• Fran says:

    Great advice! The worst part about saying ‘yes’ too often is in addition to the stress you create for yourself you disappoint people and let them down when you don’t do what you said you would.

  • Karen says:

    I’d love be to but I can’t at the moment 😃 Turia thanks for your inspiration ❤️

  • Lottie says:

    Hey guys, personally I need a heap of practise. I dislike saying no because I don’t like to think I’m hurting their feelings and well I guess I find it pretty awkward when I say no. But I try remind myself if someone said “sorry I don’t particularly want to come because I’ve got something else on” you would be like oh ok but you wouldn’t really care. So anyway I need a lot of practise, thanks Turia for a once again super inspiring, amazing and relatable email💗😁xx

  • Sam Zackey says:

    Hi, I’ve always been a shocking people pleaser.. saying no not in my vocabulary… so scared of the consequences.. letting people down. Need some times on how to be brave…I think it’s braver to be able to say no sometimes rather than being a bit of a coward and saying yes.. but then dreading the thing you committed to 😳. Hope this makes sense
    Sam

  • Glenis Guest says:

    Would be good to have some tips on how to say no. There are only so many times you can say you have a prior commitment.
    Thanks so much for discussing this topic xx

  • Jane says:

    Dear Turia,
    I say yes to everything almost and I am sick and tired of it of me. So I have from now decided to leave the kids school class committee. The kindergarten committee and say no to bake cakes for every occasion. I need to say yes to myself. I want to lose those extra pounds too but do not have the time with work, all the kids, and the extra work I do.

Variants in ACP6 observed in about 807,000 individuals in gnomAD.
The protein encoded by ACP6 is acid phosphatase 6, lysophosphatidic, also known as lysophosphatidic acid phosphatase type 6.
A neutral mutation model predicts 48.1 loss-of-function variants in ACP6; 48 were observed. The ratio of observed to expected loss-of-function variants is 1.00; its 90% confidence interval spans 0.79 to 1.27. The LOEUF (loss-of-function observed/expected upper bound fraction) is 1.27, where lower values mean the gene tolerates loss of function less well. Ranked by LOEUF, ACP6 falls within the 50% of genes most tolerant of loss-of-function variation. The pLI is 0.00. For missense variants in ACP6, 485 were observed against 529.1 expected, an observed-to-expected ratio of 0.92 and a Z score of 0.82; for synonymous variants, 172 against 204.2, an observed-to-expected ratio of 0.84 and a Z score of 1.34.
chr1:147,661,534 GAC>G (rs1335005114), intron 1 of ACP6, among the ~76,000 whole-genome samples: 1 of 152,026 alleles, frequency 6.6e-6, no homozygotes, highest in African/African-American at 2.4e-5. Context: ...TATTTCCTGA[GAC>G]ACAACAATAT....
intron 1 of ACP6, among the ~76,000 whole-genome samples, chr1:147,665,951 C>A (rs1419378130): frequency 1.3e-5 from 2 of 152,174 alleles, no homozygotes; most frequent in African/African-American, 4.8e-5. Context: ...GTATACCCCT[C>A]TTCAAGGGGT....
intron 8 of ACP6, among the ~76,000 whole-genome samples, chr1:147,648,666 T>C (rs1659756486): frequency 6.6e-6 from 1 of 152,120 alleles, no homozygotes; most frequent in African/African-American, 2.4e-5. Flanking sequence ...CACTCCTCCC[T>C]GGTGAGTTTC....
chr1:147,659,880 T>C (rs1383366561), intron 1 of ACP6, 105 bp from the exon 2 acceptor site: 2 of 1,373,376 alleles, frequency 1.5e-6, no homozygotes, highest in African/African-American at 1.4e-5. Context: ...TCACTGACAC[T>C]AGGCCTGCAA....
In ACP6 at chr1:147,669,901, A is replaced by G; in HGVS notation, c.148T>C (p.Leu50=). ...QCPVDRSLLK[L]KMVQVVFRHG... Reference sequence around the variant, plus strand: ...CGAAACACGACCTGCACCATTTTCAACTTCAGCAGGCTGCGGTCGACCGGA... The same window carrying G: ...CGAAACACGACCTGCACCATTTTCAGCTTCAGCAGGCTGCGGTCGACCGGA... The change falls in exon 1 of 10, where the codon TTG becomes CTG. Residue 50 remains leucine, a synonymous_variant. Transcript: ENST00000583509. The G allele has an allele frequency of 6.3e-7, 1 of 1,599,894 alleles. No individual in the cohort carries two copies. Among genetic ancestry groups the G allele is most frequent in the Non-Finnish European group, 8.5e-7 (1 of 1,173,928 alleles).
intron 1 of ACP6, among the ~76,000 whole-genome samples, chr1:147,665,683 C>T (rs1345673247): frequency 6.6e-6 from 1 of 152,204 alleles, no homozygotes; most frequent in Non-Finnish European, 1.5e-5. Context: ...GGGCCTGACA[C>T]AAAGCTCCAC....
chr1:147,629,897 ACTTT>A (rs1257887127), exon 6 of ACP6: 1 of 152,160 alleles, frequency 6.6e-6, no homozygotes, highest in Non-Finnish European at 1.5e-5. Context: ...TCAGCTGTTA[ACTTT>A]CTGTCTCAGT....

You are a huge inspiration for me and I read all your e-mails. Have just started with my book of what todays is going to be like. And it works. I am actually more thankful for our health, the food we are able to eat and the house we are able to live in. Actually I am rich in kids, love and wealth.
    I find inspiration in you because you actually have worked to be where you are today. If you can, I can. And you are so funny, your family looks so full of love and I think you are a badass with your running and surfing and gadgets to open stuff with. You can hear I am a fan right.
    If you ever come to Denmark let me know and I will enjoy to show you the good spots.

  • Sue evans says:

    I don’t have any problem saying no as I assess everything I have scheduled to be Important and I can’t lie and say I’m busy. I guess I created a culture or ecpectation that I’ll committ to an event or whatever if I really want to if people can’t hear no then they may not choose to stay in your life.

  • Kathy says:

    I have enormous trouble saying ‘no’ and I then get myself into messes all the time when I say yes but really want to say ‘no’.
    I’d really love some tips on this
    Thank you for sharing 🙂

  • Angela says:

    I’m not good at saying no, on the surface I think that I am but when I think about it more in depth I’m definitely a yes person & then I get stressed & overloaded & do things that take me further from my goals such as not get enough sleep or eat junk!

  • Anne says:

    It’s so much easier to say no (& be honest) straight out than saying yes & spend the time & energy sorry you said it !!